I entered the transition zone a second time, with a running time in lap two of 1:40.

Lap Three: She Can’t Take Much More of This


I downed the third beer, still in enough of my right mind to execute the plan, and then headed back out on the course. The burps were more intense on this lap as was the internal dialogue about my sanity. There was some sloshing in my stomach but I continued to pass people and keep distance between myself, the lead pack, and the Mouse. For lap four, I had my target. I knew who I wanted to catch.

Feeling a little bloated, I turned into the transition zone for the last time completing lap three in 1:46.

Lap Four: I Think We Survived

I didn’t want more beer. I could have grabbed a less full cup, but decided that would be cheating and went for the full one. I don’t think anyone would have judged me for going light, though. Especially my wife.

Selfie after the finish, before the booze kicked in.

I still executed my plan, which gave me a small sense of accomplishment (it’s so rare that happens in any kind of race). I chugged, groaned, tipped the cup and headed out. Burping was almost violent at this point, but it helped announce my presence and clear people from my path. I didn’t feel good, but I didn’t feel nearly as bad as I thought I would. I did question my math skills and recounted a few times to make sure this was actually the last lap for me.

I made the final turn and headed for home. I looked up and saw the Mouse. I had a chance, as it looked like she was slowing down. My guess was that she was the first overall female and I thought it might be cool to place ahead of her. Somehow I found a kick and picked up speed down the home stretch, elbowing past other runners and reeling her in. I grew closer and closer as the inflatable at the finish grew larger, turning my legs and the ridiculous amount of beer in my stomach over as much as I could. And then I watched her turn left into the transition zone while I blasted across the finish line? Turns out she was only on lap three, my story was now really anti-climactic, and I felt silly. Oh well. Motivation is motivation, right? Or some runners chase a rabbit while others chase a mouse? Does either preserve my dignity?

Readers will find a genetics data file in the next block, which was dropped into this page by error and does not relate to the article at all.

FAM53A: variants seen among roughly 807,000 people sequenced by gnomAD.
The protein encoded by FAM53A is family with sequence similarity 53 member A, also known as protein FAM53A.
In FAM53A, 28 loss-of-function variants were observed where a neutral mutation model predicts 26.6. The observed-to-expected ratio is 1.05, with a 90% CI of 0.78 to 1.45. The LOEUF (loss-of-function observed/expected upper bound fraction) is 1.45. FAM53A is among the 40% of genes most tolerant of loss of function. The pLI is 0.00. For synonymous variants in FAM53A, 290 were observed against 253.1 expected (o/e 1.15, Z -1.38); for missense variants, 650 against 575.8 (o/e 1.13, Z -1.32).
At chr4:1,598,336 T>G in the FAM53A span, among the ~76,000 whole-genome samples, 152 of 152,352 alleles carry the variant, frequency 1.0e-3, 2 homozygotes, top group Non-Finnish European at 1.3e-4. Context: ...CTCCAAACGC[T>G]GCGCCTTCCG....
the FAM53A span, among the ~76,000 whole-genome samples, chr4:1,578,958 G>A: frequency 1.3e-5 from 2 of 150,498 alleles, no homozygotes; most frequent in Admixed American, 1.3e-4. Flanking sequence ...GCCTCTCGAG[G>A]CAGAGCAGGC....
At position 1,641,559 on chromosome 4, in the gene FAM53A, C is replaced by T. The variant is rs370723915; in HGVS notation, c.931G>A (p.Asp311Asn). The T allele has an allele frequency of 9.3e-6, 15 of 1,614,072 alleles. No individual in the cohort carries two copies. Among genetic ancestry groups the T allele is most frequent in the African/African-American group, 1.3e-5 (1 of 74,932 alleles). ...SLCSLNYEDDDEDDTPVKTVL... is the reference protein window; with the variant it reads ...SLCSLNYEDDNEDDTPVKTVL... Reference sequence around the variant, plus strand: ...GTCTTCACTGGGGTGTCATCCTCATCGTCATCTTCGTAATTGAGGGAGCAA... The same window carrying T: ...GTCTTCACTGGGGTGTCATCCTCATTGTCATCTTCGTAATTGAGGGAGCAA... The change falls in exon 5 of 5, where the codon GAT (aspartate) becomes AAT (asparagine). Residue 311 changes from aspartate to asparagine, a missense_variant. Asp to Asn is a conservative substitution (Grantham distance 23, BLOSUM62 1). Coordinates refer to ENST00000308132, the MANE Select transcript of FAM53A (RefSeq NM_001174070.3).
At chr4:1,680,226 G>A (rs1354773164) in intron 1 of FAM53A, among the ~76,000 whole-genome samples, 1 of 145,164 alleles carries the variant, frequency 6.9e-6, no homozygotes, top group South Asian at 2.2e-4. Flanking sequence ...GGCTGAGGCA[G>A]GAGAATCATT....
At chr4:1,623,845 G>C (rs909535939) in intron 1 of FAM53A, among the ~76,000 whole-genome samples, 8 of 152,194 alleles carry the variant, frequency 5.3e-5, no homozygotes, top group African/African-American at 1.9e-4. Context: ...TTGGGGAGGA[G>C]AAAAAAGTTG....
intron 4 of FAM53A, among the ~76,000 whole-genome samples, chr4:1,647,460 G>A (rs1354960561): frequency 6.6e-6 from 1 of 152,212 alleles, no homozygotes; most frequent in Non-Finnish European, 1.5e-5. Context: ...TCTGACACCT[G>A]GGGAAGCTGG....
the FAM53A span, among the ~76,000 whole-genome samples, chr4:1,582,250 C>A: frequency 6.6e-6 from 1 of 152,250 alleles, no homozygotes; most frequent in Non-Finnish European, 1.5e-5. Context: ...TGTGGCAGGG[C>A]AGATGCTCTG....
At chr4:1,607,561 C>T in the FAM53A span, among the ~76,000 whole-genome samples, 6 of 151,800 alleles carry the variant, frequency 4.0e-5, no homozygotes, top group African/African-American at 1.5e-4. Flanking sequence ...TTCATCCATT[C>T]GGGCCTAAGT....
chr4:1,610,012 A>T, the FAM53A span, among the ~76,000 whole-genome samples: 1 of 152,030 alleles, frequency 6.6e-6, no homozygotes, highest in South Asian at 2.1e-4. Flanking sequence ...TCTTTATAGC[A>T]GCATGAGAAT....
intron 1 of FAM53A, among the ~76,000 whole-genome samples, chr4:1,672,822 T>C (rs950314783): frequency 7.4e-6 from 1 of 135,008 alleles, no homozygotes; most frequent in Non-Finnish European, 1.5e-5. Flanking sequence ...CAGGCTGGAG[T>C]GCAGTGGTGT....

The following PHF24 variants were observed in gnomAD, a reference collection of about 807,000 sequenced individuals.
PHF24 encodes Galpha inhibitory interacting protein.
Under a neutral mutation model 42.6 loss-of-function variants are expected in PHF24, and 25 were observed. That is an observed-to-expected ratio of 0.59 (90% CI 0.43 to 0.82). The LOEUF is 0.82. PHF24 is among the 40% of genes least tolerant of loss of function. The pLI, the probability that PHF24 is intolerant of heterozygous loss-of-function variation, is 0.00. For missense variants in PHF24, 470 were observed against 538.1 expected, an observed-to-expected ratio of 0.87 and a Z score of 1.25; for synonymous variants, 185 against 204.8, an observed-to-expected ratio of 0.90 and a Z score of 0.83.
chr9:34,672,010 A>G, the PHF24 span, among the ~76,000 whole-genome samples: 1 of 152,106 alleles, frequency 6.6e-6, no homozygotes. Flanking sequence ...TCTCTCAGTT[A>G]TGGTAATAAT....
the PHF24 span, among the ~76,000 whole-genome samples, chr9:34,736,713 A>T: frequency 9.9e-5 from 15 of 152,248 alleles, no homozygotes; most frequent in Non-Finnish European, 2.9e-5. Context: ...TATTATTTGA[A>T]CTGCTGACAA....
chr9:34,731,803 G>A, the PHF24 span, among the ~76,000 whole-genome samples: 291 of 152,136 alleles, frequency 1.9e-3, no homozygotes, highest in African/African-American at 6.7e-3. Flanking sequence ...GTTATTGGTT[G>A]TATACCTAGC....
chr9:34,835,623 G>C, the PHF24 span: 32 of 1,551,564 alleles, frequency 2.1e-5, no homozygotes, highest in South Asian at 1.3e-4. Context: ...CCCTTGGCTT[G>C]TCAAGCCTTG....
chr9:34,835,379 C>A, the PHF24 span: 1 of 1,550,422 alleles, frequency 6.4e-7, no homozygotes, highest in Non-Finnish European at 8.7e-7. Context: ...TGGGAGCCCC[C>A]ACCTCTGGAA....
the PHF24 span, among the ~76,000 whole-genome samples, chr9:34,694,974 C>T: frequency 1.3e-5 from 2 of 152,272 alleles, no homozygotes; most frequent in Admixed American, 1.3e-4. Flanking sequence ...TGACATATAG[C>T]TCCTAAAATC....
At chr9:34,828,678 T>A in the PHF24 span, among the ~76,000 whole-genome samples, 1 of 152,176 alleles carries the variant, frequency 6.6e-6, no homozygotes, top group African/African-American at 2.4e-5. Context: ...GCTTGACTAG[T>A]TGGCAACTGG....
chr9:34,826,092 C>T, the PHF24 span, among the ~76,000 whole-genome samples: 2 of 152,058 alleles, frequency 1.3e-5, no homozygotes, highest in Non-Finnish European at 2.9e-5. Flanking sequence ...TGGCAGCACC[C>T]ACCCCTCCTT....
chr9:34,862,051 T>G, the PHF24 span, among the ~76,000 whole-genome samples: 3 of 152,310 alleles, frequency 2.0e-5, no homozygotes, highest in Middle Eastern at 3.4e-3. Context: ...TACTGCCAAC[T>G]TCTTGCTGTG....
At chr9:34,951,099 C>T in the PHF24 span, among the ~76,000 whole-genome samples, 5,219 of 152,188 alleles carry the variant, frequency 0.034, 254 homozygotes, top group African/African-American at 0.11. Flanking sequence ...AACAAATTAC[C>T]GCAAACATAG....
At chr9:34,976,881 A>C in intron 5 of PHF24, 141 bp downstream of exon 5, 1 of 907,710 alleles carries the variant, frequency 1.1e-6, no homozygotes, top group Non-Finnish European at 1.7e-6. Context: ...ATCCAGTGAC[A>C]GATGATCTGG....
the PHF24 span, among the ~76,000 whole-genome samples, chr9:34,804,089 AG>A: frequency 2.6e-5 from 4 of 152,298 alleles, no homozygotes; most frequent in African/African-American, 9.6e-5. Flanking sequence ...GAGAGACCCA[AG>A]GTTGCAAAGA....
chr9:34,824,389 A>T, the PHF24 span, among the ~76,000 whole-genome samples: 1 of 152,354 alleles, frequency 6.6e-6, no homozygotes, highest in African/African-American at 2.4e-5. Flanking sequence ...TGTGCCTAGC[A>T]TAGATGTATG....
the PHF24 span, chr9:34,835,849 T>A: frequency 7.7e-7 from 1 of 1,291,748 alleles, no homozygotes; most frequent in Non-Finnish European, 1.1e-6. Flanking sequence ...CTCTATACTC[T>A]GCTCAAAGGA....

My final lap running time was 1:38, and my overall time was 7:32 (good for seventeenth overall). The guys in first and second finished in 6:02 and 6:03 respectively, which is impressive and probably made for a really good finish.

Aftermath: Never mind. You Sunk my Battleship


As I waited at the finish line for my friends I was surprised at how decent I felt. I had expected to be destroyed, possibly in tears and curled up in a fetal position on the ground. But at the end of the race, I wasn’t.

Later that evening may be a different story. The kicker with the beer mile is that it’s done before the alcohol really has time to get into your system. We drank out of cups so there wasn’t as much air to cause gas pains in our stomachs, either, and with the adrenaline from the race still flowing I felt pretty good.

So why not have another beer, or two? If I had a time machine, I would go back and tell myself that it is because it is a bad idea. Wait and see how you feel, then make the decision. Had I done that, I might have felt better the next morning and avoided this brief conversation with my wife the next evening:

Wife: How are you feeling?

Me: Ok. But I feel some shame and embarrassment.

Wife: Well, that’s valid.

Overall, I did have a good time. The event was silly and fun and I enjoyed hanging out with my friends before and after. Would I do this again? I doubt it. This isn’t the kind of race where I feel the need to improve my time. I would go and support friends doing it, though, and it was worth doing once.